What should I use MVC or WebForms

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Tuesday, April 28, 2009

I have been outside of the whole website creation in .NET scene for too long.

Although I never stopped learning about web related technologies in the last year I focused mainly on desktop applications at my work and at home. The latest developments of the .NET world made me decide that perhaps it is the time to take action and have some hands-on experience in creating websites.

What I usually do when I want to understand/learn a technology is decide on a project and use the new technology to code it.

The only problem remaining was what should I choose to write my learning project with - WebForms or MVC?

Then I read To MVC or to WebForms? 

I’ve followed the links from the post through the whole argument whether or not to use MVC and looked at the pro and cons of each (by Gil Fink).

And I’ve decided – I’m going to learn MVC!


Any comments?

7 free tools for the Hobbyist .NET developer

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Friday, April 24, 2009

I do some software development at home where I do not have the benefit of commercial software (i.e. Visual Studio Pro). Over the years I collected several open source/free tools that help me develop my pet projects.


[Tools required, part 1/mariusm]


The following is a short list of the tools I use all are free and most are open source:

  1. #Develop– This free open source IDE never cease to amaze me, weighing only 18MB it can pull his weight and has most the functionality that the commercial alternative (Visual Studio) has. It can even do some things that even Visual Studio doesn’t do for example it has code conversion (C#/VB)  and full NUnit integration. You can read more about #Develop here.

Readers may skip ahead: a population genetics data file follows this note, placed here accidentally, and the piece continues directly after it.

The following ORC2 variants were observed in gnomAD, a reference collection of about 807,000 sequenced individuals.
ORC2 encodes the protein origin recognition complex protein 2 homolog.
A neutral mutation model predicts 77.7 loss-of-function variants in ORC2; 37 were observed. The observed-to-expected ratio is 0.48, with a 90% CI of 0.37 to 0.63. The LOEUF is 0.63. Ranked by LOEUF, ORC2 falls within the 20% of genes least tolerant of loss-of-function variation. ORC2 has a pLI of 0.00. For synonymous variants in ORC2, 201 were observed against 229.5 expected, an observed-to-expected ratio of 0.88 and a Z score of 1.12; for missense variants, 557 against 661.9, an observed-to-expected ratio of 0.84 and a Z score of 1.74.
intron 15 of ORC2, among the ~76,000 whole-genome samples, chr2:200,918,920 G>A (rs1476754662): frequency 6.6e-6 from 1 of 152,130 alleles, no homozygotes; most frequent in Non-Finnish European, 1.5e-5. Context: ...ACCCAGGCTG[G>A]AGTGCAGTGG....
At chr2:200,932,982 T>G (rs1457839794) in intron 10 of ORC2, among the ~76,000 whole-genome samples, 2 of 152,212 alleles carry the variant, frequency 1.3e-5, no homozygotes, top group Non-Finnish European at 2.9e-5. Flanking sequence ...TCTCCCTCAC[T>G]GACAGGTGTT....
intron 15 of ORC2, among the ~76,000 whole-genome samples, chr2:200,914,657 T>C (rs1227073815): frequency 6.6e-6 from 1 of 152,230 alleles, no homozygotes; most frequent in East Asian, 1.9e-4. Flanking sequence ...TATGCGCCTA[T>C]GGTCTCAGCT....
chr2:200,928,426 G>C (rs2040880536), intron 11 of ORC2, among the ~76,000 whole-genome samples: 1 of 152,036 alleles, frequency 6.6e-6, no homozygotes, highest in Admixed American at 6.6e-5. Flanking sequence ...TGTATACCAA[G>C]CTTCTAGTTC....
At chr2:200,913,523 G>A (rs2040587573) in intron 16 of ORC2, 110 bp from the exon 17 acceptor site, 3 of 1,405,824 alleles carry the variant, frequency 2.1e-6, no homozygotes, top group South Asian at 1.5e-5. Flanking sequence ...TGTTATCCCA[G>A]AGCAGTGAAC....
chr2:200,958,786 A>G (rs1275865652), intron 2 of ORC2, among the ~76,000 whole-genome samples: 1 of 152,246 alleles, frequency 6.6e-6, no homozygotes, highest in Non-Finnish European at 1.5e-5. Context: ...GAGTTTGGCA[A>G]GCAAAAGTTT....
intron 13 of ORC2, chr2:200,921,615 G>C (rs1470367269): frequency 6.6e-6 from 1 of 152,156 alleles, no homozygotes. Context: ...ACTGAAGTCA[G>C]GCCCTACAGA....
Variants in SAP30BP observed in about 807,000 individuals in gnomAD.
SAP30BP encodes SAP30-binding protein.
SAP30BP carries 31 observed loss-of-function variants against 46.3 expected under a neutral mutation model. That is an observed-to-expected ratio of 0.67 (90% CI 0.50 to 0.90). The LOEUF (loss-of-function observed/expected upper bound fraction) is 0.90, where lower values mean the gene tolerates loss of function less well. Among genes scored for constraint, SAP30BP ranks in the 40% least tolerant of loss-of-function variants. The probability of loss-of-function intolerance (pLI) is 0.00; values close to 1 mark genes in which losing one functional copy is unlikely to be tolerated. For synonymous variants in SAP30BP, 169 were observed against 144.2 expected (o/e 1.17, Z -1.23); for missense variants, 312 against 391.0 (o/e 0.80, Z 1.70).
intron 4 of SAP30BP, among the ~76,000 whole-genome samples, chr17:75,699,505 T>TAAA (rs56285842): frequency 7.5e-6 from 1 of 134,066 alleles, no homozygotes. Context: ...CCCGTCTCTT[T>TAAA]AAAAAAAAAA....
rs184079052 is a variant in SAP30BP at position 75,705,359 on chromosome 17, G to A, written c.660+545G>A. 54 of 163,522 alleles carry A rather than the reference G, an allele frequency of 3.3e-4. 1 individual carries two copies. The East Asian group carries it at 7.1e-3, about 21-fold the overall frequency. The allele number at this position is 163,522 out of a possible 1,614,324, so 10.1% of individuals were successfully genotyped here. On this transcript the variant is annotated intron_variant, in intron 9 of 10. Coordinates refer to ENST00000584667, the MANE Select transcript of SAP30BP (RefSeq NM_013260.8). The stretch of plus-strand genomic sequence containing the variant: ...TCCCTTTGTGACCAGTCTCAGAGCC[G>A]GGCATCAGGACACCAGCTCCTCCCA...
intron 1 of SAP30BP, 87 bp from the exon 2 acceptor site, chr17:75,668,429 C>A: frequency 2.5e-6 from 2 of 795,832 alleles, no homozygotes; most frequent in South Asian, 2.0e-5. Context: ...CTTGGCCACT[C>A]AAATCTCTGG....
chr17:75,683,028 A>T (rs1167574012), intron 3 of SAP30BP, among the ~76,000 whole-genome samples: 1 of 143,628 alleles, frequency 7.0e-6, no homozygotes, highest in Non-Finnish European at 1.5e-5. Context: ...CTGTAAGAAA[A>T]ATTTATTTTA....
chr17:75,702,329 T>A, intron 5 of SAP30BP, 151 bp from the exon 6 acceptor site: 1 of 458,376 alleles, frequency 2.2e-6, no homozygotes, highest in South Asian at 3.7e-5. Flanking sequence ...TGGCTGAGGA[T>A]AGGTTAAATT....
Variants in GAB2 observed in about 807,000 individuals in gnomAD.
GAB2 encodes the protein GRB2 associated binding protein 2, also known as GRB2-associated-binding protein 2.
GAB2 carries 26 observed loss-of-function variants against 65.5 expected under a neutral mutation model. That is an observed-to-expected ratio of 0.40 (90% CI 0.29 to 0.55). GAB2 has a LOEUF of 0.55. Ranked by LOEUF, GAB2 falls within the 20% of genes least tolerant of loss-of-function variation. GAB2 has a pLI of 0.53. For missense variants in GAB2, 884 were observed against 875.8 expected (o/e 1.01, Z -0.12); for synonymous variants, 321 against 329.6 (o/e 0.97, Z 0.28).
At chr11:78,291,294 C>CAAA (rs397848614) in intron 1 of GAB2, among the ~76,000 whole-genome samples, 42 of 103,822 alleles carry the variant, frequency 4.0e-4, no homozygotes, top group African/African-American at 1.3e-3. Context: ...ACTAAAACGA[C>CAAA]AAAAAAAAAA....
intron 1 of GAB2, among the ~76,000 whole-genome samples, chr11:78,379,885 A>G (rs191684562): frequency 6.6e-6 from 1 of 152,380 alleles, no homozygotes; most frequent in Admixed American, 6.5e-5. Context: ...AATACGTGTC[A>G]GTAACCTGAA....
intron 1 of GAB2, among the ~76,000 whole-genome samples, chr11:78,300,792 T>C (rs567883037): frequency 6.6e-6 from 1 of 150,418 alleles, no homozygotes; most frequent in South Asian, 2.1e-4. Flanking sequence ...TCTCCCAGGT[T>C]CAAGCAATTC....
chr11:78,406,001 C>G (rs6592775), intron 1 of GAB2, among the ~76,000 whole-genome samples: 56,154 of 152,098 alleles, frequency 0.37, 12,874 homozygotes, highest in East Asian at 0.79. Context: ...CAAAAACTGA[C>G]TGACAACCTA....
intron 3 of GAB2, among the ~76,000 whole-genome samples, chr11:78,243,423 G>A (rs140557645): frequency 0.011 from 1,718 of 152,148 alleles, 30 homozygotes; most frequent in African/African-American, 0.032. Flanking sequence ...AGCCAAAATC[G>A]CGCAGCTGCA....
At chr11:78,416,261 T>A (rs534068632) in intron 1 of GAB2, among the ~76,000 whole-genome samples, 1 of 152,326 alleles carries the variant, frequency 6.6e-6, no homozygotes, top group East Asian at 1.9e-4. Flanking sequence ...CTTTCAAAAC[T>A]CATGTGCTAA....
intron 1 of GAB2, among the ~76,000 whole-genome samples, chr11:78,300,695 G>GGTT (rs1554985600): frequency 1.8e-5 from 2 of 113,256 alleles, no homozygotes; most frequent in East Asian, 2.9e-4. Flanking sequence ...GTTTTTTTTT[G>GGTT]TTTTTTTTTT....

2. Visual Studio Express – The other IDE I use when I’m not at work. When I’ve started writing code at home I had some difficulties getting used to a new IDE, like most .NET developers I’ve used Visual Studio at work and found the express editions a suitable solution for my home development. Although I find its many restrictions a bother I still use it because it has the same shortcuts and editing abilities I’m so used to from my day job.
  3. NUnit  – My unit testing framework of choice. I’ve used several unit testing frameworks over the years but I keep coming back to NUnit. It’s easy to use and has full integration with my IDE (see 1).
  4. TortoiseSVN for source control – Right now I use SubVersion for my source control needs. The free code hosting sites I’m using (CodePlex & Assembla) have subversion integration that I manage using this excellent client - It is as simple as pressing the left mouse button.
  5. .NET Reflector – The tool I didn’t know I needed until I’ve started using it. I use Reflector to investigate 3rd party .NET assemblies and check how certain feature of the .NET CLR are implemented at compiler level. If you do not know what it is try it!
  6. TestDriven.NET – If you have Visual Studio (not Express) installed you must check this Add-on. It adds integration with NUnit, NCover and several other tools. Needless to say this tool is free for personal use.